Tuesday, April 08, 2008

A lesson I am still learning...

...to think before I speak, and most of the time, don't speak! But even for those of you who don't have foot-in-mouth-itis like me, even our thoughts are often mistaken or unjust. How many of us have thought, when we hear a kid screaming in a public place, "Discipline your kid, would you?!" or something to that effect? That used to be my knee-jerk reaction, until the Lord gave me two friends whose kids are either on the autism spectrum or have similar difficulties. It has been a wake-up call for me, not only to adjust my ungracious attitude, but I have also learned that not only do the moms of kids with difficulties not need rude looks or "helpful" comments, but they are usually exhausted and frustrated and feeling deeply the (obvious) disparagement from most of the people around them...and they could use a little encouragement and friendliness. This has been a very humbling but very valuable lesson for me to learn. My friend Heather recently shared an experience she had at a store and she gave me permission to re-post it here on my blog. I'm sharing the following excerpt in the hopes that we can all learn from it and spare another mom any more stress than she already has...a little food for thought. Heather wrote: "...I decide to get a gallon of paint for the downstairs bathroom. The man is talking to me. Joe is standing right there and decides to run. He turns the corner...I’m right behind...I turn the corner...He’s gone. I run up and down the aisles and no Joe. I was beginning to panic when another woman way down says..."I found him!" So I get him back to the paint counter, and Joe then begins to roll on the floor. He really likes shiny floors. So [he] is rolling and I let him. It’s better then trying to restrain him and him be screaming or have him running off. The man at the paint counter says, "How old is he? He should be learning to behave by now." So I say, "Well...Believe me...I wish I could get him to understand me to get him to behave. He’s 2 1/2, non-verbal, epileptic, has 4 heart tumers, too many brain tumors to count and we are waiting for him to be tested for autism, but yea...it would be nice if he would behave...believe me...I’m exhausted."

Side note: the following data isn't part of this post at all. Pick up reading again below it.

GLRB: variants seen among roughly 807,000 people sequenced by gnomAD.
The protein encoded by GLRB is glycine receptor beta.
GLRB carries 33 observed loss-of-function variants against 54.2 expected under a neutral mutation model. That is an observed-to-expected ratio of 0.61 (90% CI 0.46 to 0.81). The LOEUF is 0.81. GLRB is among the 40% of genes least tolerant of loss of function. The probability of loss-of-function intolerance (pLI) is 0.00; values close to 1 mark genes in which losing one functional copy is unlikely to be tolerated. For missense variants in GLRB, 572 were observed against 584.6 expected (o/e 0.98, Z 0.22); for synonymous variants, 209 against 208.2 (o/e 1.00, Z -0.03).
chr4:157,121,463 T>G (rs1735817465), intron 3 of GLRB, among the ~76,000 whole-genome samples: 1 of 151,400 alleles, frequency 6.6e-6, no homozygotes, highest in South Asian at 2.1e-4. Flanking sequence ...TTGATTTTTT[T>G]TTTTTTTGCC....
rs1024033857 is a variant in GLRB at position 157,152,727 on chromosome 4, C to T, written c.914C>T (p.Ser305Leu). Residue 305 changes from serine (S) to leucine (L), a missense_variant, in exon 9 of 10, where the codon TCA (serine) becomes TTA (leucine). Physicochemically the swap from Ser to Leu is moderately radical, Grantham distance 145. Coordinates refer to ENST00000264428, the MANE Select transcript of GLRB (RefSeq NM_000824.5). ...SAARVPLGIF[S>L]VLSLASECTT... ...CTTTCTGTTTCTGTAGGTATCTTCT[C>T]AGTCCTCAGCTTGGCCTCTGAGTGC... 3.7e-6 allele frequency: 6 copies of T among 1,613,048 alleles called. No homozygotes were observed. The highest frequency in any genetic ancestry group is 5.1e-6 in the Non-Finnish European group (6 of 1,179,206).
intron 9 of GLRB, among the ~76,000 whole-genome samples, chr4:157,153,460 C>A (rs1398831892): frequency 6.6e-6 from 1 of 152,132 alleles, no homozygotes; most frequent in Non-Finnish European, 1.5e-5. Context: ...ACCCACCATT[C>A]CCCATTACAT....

5 comments:

Jess said...

Having been on both sides of the spectrum. (Both the observer and the parent of the misbehaving child) I try to keep in mind what it feels like to be on the other side. I think we all at one point have wanted to say,"Are you going to spank him-her or should I?" A good lesson to be learned from this, until you're in that persons shoes, you shouldn't judge. Nice post Marsel, thank your friend for sharing.

Elissa Brown said...

It definitely changes your perspective to think in that way. Thank you for your post.

Anonymous said...

It certainly does take an extra measure of grace to understand and deal with the disabled. I can certainly attest to that, not as a mom, but as a counselor who works with the disabled. This is an excellent example, thanks for sharing.

Anonymous said...

Oops, forgot my name-
Sarah Brock

Jeanette said...

That was very well put. I find myself at times approaching the other mom to see if there is anything I can do to help. Usually, not but that understanding goes along way to the other parent. Having been in many similiar situations as your friend, I have not received any negative responses. Thankfully, they just tell me he is cute and he is just being a kid. (Jonathan was "unofficially" diagnose with sensory integration issues...I understand the rolling on the floor!)